Question to TKV Desikachar:
What is the relationship between diet and health?
TKV Desikachar Response:
It is a big subject. Our system has to be nourished. Food or Annam is needed. There is the Annamaya, we have a body which has to be nourished. The food we need and eat is Annam.
“Annam is that which will nourish you or that which will eat you.”
This Annam is a very interesting Saṃskṛta word. Annam is that which will nourish you or that which will eat you. The Annam or food must nourish me, it should not consume me. For this reason there is given so much importance to Annam that nourishes and Annam that will consume.
– Extract from an interview in the Journal Viniyoga Italia on Yoga and Well Being.
Learning Support for Chanting the Durgā Gāyatrī
– From the Taittirīya Upaniṣad Chapter 4 verse 1 Sakha Gāyatrī
From my personal library of recordings from my studies with my teacher TKV Desikachar.
To Download or Listen
To Download the Chant Sheet with Romanised Saṃskṛta and Notations
śrī kṛṣṇavāgīśa yatīśvarābhyām saṃprāpta cakrāṅkaṇa bhyāṣyasāram |
śrī nūtnaraṅgendra yatau samarpitsvam śrī kṛṣṇamāryaṃ guruvaryamīḍe |
virodhe kārtike māse śatatārā kṛtodayam yogācāryaṃ kṛṣṇamāryaṃ guruvaryamahaṃ bhaje ||
“I offer praise to one who is disciplined, Guru Śrī Krishnamacharya, whose great teachers were
Śrī Kṛṣṇa who taught him mantra and initiated him into Cakrāṅkaṇam
(the ritual of prostrating and receiving Śaṅkha, right side and Cakra left side, on the shoulders).
Śrī Vāgīśa who taught him the essence of Śrī Bhyāṣyam (Vedānta) and
Śrī Raṅganātha (Raṅgendra) who initiated him into Bharaṇyāsam
(to place at the Lord’s feet or how to surrender to God).
Born in the year Virodha, during the month of Kṛtika, under the star Śatatāra,
this teacher of Yoga, Guru Krishnamacharya I salute.”
The convention is to speak about the guruparamparā and not describe or or speak about the teacher’s contributions.
“It is not the request but where it is coming from.”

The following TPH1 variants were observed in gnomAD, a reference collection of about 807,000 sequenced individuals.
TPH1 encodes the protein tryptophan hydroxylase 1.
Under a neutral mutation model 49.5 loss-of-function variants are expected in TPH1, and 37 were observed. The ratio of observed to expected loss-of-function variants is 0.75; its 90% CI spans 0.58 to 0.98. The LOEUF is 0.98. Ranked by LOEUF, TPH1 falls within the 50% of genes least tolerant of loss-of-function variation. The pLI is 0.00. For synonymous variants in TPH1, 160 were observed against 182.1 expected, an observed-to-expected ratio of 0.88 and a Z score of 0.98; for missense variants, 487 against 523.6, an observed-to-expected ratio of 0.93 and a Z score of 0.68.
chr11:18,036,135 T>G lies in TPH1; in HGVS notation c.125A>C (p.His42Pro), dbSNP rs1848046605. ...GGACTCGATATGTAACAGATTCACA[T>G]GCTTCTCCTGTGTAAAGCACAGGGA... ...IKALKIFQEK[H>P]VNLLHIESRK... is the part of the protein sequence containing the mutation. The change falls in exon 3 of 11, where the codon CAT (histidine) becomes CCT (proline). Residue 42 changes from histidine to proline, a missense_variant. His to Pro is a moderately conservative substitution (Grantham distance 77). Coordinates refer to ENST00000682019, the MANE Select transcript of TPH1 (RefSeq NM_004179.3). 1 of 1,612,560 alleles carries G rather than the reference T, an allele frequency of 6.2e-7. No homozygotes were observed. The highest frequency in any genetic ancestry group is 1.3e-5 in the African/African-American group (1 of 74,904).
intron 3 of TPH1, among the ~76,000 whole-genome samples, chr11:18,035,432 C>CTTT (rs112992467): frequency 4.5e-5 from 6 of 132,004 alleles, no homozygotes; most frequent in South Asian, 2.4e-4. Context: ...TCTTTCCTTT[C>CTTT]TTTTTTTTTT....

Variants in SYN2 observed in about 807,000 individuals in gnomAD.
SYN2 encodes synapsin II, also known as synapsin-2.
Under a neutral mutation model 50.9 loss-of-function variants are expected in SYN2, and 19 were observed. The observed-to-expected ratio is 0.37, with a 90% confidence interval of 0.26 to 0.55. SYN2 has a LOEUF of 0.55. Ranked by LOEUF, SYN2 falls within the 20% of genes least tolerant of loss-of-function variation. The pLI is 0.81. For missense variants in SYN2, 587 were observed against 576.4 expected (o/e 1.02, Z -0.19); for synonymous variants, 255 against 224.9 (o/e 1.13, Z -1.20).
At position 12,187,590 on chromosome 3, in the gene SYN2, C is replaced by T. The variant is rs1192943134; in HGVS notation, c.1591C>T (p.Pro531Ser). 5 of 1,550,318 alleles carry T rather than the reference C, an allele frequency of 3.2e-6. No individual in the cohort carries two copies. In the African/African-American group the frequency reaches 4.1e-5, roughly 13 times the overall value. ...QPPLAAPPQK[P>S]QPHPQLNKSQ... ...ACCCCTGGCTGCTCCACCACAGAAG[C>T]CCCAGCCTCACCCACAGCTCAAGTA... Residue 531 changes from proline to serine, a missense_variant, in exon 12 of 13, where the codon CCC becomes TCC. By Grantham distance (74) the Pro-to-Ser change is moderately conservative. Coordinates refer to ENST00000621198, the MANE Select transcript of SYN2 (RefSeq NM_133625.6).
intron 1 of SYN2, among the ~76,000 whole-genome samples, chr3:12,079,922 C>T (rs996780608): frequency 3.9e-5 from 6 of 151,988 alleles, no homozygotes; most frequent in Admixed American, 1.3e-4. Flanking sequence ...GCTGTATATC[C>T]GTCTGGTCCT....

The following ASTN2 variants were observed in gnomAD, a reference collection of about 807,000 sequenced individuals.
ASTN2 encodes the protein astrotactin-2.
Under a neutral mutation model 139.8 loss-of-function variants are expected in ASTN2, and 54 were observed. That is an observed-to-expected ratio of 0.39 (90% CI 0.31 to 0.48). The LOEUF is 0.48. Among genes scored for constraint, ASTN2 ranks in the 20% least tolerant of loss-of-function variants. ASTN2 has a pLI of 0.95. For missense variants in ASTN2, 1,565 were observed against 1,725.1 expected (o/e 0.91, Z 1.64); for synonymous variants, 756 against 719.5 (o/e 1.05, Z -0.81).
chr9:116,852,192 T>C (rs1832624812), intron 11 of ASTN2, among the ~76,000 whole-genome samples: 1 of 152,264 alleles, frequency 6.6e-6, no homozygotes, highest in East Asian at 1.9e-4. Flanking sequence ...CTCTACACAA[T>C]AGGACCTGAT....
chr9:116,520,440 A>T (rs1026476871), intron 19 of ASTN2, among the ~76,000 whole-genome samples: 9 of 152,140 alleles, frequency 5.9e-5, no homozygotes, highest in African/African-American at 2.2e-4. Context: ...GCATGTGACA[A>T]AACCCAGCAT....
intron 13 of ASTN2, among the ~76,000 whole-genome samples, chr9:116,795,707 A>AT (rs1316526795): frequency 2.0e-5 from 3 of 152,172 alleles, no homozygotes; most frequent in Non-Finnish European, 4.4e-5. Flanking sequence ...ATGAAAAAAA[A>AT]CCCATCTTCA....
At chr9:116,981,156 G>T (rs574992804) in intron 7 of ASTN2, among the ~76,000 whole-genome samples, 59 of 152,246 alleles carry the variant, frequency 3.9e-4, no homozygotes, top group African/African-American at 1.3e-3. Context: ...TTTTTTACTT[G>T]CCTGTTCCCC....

– TKV Desikachar
– TKV Desikachar from lectures on ‘The Yoga of T Krishnamacharya’, given at Zinal, Switzerland 1981.
3. Bhakti – trying to connect myself with the highest force; to accept the absolute power of God – that he is Master and Teacher, the only reality.
“According to my teacher,
trying to calm the agitations of the mind by reflecting on external objects
is like trying to get milk from the wattles hanging from the neck of a goat.
All seekers of truth are therefore advised to focus,
instead, only on objects that are in the realm of the divine.”
– T Krishnamacharya commenting on Yoga Sūtra Chapter One verse 35
The word Mantra means something that we will ponder, that we will reflect upon.
That is, you go to a teacher,
they say something and I go back home and reflect upon that.
मननात् त्रायते इति मन्त्रः॥
mananāt trāyate iti mantraḥ ||
“Who reflects on this, will cross the obstacle”.
– Extract from an interview with TKV Desikachar on Vedic Chanting
parāñci khāni vyatṛṇat svayambhūs
tasmāt parāṅ paśyati nāntarātman |
kaś cid dhīrah pratyagātmānam aikṣad
āvṛttacakṣur amṛtattvam icchan ||
The self born creator bored the sense openings outwards,
so the self looks out at the world rather than inwards.
A wise person, wanting to taste the state of immortality,
stops the senses from moving outwards and turns within to the essence.
Kaṭha Upaniṣaṭ 2.1.1.
Currently I have been classifying my personal collection of private recordings of Veda and Yoga Chanting made over nearly 20 years with TKV Desikachar or his senior chant student Sujaya Sridhar.
They were previously all archived on some twenty ageing and fragile cassette tapes and, with many thanks to the stalwart and painstaking sound engineer work by Christina, are now digitalised and individually itemised.
Now they have been both digitalised and cut into individual tracks I am astonished to see that there are over 200 recordings from the Veda and associated Indian and Yoga texts, along with some recordings around the Yoga Sūtra. The Veda and associated Indian textual resources draw from the textual sources listed below: